To put a point on it, I don’t think much of the American electorate. After the last election here in Canada I don’t really think much of the Canadian electorate either, but there’s no chance that Herman Cain would lead a national opinion poll here. I have to believe that. However, I may have to revise my impression of Americans upward slightly: [Read more…]

Religious no-longer-free-dom

If they weren’t such a bunch of self-righteous, predatory, literally holier-than-thou, shockingly dangerous and immoral scumbags, I’d have some sympathy for the Catholic Church. After all, after centuries of iron-fisted rule over the minds of powerful nations around the world, the level of power afforded the Holy See has diminished substantially. As people have learned to pull back the curtain and find out who’s working the levers and dials of the Great And Powerful Pope, the church has had to start chasing believers and whining like a bully whose victims are finally fighting back.

One of the things that truly baffles me about public policy and religion is the fact that churches are tax exempt. I suppose it is defensible insofar as some churches provide charitable services; however, that is not even close to all they do. Their main activity is doctrinal instruction, not charitable organization. That kind of ‘service’ does not, in my mind, warrant getting the special privilege of having all income declared tax-exempt.

The Vatican has a weird relationship with Italy. It’s like when a spoiled child announces that ze is now going by a new name, and then the parents just kind of go with it until ze grows up and stops demanding to be called “Tangerine”. Except in this case, the parents are all the countries in the world, and the bizarre name is “Vatican”. True to its form, because the Vatican is technically a church, it demands tax exemptions for all of its properties, even those which are obviously not places of worship (as though that made a relevant difference).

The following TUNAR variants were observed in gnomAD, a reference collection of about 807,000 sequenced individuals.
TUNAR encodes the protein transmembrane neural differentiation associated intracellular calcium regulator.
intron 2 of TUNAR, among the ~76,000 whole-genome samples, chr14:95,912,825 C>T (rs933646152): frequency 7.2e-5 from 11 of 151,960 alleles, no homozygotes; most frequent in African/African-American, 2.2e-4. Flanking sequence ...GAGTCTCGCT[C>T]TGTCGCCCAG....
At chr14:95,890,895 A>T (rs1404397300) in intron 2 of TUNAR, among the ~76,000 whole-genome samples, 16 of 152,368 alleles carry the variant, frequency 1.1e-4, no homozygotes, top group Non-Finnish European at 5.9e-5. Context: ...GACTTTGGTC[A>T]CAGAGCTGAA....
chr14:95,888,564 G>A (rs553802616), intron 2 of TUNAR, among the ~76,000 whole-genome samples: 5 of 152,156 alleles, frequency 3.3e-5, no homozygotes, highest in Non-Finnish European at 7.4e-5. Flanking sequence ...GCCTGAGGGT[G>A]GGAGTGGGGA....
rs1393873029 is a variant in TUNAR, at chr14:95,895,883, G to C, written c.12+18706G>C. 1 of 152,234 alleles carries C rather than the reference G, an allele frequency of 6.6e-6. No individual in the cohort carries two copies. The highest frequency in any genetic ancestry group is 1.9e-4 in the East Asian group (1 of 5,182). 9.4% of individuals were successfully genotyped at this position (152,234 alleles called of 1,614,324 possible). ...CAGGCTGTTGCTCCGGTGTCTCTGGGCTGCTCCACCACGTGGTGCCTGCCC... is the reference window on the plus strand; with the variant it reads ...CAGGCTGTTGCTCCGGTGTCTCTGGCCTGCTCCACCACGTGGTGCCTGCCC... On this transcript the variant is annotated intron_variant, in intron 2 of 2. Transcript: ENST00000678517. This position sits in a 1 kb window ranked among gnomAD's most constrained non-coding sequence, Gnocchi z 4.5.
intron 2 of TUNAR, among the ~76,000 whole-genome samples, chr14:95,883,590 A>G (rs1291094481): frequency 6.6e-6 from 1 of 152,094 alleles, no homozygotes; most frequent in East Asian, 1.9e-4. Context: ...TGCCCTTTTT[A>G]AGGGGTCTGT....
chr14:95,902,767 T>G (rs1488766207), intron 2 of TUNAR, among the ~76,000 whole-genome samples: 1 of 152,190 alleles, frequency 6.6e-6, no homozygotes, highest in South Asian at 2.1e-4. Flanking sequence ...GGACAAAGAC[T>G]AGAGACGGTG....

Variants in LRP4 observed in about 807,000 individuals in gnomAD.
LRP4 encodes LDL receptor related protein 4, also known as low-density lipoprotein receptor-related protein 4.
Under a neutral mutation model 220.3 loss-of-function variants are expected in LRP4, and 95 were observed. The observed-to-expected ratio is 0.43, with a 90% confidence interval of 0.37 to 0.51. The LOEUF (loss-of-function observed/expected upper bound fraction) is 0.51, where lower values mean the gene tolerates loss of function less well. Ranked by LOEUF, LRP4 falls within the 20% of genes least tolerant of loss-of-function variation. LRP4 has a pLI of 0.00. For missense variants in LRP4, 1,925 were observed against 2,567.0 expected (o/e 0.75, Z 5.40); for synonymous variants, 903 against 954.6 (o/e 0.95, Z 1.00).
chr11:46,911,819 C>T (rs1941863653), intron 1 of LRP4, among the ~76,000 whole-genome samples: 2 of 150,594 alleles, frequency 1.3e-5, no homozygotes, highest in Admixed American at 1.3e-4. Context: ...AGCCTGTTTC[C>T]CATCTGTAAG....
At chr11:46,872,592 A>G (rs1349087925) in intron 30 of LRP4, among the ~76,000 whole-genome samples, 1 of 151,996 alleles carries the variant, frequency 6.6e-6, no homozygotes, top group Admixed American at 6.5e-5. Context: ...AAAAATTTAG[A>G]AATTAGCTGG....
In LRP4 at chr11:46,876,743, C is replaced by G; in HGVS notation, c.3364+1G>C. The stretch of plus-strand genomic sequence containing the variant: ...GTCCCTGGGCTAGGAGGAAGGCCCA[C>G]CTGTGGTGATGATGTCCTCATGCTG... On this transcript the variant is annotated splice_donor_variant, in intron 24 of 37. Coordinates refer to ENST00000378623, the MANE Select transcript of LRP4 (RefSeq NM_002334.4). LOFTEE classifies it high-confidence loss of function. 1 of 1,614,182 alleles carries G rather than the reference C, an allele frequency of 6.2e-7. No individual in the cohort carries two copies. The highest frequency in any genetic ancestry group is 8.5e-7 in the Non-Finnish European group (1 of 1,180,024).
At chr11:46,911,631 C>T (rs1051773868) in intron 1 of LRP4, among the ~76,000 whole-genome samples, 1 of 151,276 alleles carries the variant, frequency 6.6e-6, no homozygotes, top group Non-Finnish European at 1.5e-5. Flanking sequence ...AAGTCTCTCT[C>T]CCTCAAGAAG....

I think the parents are getting fed up: [Read more…]

Parents lose ‘right’ to shield children from facts

One of the most irritating bromides I hear from parents (predominantly conservative parents, but not exclusively) is that they don’t want things taught in their children’s schools that contradict their (the parents’) beliefs. I suppose the fear is that teaching children that not everyone thinks identically will so confuse them that their poor little heads will a’splode. I’ve actually had one person try to tell me that kids who learn things that contradict what their parents believe have a higher rate of developmental problems – so therefore public schooling is harmful. It took me way too long to stop taking that guy seriously (that’s what I get for trying to read conservative writers for the sake of ‘balance’).

First of all, bringing up a kid who knows how to disagree with you is a good thing. Second, since the only way to ensure your kid doesn’t encounter any dissenting opinions is to raise hir in a bubble, cut off from the entire world – there’s a legal term for that. Third, raising a child to accept authority unquestioningly puts them at greater risk of being taken in by unscrupulous hucksters of all manner of ideas. Fourth, it severely handicaps their ability to make independent decisions if ze’s never been exposed to stuff that Mom or Dad didn’t warn hir about. Fifth, it retards their understanding of the world – there are a lot of ideas out there and it’s important to be exposed to lots of them.

There is perhaps no corner in which this attitude is more popular than among parents who wish to raise their children in a particular religious tradition. Maybe it is because they know how weak and vapid the arguments for faith are, or maybe it’s because they truly believe that little Ashley couldn’t possibly cope with the knowledge that different beliefs exist, but religious parents are infuriated by the idea of comparative religious instruction. They’re about to get a lot angrier: [Read more…]

Good news week

For some reason, or perhaps for no reason, my ‘news item’ file is overflowing with good news this week. So in honour of that, I’m going to highlight happy stories. Well, happy for me. Sad for the forces of stupid. So… um… enjoy that.